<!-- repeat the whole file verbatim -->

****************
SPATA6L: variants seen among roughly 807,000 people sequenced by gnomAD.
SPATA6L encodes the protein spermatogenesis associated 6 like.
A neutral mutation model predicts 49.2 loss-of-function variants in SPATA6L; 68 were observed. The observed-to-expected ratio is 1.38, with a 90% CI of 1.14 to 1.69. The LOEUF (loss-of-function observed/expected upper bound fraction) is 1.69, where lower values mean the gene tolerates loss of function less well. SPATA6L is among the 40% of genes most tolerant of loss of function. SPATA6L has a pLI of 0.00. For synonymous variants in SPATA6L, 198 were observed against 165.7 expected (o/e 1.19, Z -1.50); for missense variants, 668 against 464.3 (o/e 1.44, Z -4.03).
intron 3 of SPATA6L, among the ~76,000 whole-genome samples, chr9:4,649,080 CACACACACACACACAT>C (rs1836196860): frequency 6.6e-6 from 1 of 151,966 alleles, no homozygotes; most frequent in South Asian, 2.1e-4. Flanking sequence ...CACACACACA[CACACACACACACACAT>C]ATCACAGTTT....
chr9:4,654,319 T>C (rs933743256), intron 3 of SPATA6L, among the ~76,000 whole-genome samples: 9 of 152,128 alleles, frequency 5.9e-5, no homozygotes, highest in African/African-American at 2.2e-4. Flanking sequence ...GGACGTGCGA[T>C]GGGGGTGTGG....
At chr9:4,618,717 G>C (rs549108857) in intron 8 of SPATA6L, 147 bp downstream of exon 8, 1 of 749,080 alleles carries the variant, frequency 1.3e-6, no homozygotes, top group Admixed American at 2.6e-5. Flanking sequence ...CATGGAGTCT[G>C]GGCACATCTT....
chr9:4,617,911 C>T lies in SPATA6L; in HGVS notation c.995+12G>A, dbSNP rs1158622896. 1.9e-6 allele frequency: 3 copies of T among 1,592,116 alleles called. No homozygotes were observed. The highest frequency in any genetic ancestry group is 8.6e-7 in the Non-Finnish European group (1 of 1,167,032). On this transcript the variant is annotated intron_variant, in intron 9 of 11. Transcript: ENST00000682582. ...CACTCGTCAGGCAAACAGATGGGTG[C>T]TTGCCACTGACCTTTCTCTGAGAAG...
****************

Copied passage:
SPATA6L: variants seen among roughly 807,000 people sequenced by gnomAD.
SPATA6L encodes the protein spermatogenesis associated 6 like.
A neutral mutation model predicts 49.2 loss-of-function variants in SPATA6L; 68 were observed. The observed-to-expected ratio is 1.38, with a 90% CI of 1.14 to 1.69. The LOEUF (loss-of-function observed/expected upper bound fraction) is 1.69, where lower values mean the gene tolerates loss of function less well. SPATA6L is among the 40% of genes most tolerant of loss of function. SPATA6L has a pLI of 0.00. For synonymous variants in SPATA6L, 198 were observed against 165.7 expected (o/e 1.19, Z -1.50); for missense variants, 668 against 464.3 (o/e 1.44, Z -4.03).
intron 3 of SPATA6L, among the ~76,000 whole-genome samples, chr9:4,649,080 CACACACACACACACAT>C (rs1836196860): frequency 6.6e-6 from 1 of 151,966 alleles, no homozygotes; most frequent in South Asian, 2.1e-4. Flanking sequence ...CACACACACA[CACACACACACACACAT>C]ATCACAGTTT....
chr9:4,654,319 T>C (rs933743256), intron 3 of SPATA6L, among the ~76,000 whole-genome samples: 9 of 152,128 alleles, frequency 5.9e-5, no homozygotes, highest in African/African-American at 2.2e-4. Flanking sequence ...GGACGTGCGA[T>C]GGGGGTGTGG....
At chr9:4,618,717 G>C (rs549108857) in intron 8 of SPATA6L, 147 bp downstream of exon 8, 1 of 749,080 alleles carries the variant, frequency 1.3e-6, no homozygotes, top group Admixed American at 2.6e-5. Flanking sequence ...CATGGAGTCT[G>C]GGCACATCTT....
chr9:4,617,911 C>T lies in SPATA6L; in HGVS notation c.995+12G>A, dbSNP rs1158622896. 1.9e-6 allele frequency: 3 copies of T among 1,592,116 alleles called. No homozygotes were observed. The highest frequency in any genetic ancestry group is 8.6e-7 in the Non-Finnish European group (1 of 1,167,032). On this transcript the variant is annotated intron_variant, in intron 9 of 11. Transcript: ENST00000682582. ...CACTCGTCAGGCAAACAGATGGGTG[C>T]TTGCCACTGACCTTTCTCTGAGAAG...